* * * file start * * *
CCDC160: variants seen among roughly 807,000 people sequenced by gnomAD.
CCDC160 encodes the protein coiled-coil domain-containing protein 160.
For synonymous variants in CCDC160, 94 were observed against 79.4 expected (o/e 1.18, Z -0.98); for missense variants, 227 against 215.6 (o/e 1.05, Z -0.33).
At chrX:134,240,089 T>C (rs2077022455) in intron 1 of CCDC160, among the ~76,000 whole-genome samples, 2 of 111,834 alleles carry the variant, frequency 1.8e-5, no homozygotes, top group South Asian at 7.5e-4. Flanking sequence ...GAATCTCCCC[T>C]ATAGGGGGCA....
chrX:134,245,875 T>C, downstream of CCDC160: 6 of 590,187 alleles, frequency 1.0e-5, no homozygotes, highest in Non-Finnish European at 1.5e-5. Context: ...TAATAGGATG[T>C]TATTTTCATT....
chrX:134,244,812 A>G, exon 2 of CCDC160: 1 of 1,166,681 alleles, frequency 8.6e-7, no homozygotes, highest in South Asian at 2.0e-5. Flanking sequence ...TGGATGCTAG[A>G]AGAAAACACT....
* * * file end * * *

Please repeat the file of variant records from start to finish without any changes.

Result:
CCDC160: variants seen among roughly 807,000 people sequenced by gnomAD.
CCDC160 encodes the protein coiled-coil domain-containing protein 160.
For synonymous variants in CCDC160, 94 were observed against 79.4 expected (o/e 1.18, Z -0.98); for missense variants, 227 against 215.6 (o/e 1.05, Z -0.33).
At chrX:134,240,089 T>C (rs2077022455) in intron 1 of CCDC160, among the ~76,000 whole-genome samples, 2 of 111,834 alleles carry the variant, frequency 1.8e-5, no homozygotes, top group South Asian at 7.5e-4. Flanking sequence ...GAATCTCCCC[T>C]ATAGGGGGCA....
chrX:134,245,875 T>C, downstream of CCDC160: 6 of 590,187 alleles, frequency 1.0e-5, no homozygotes, highest in Non-Finnish European at 1.5e-5. Context: ...TAATAGGATG[T>C]TATTTTCATT....
chrX:134,244,812 A>G, exon 2 of CCDC160: 1 of 1,166,681 alleles, frequency 8.6e-7, no homozygotes, highest in South Asian at 2.0e-5. Flanking sequence ...TGGATGCTAG[A>G]AGAAAACACT....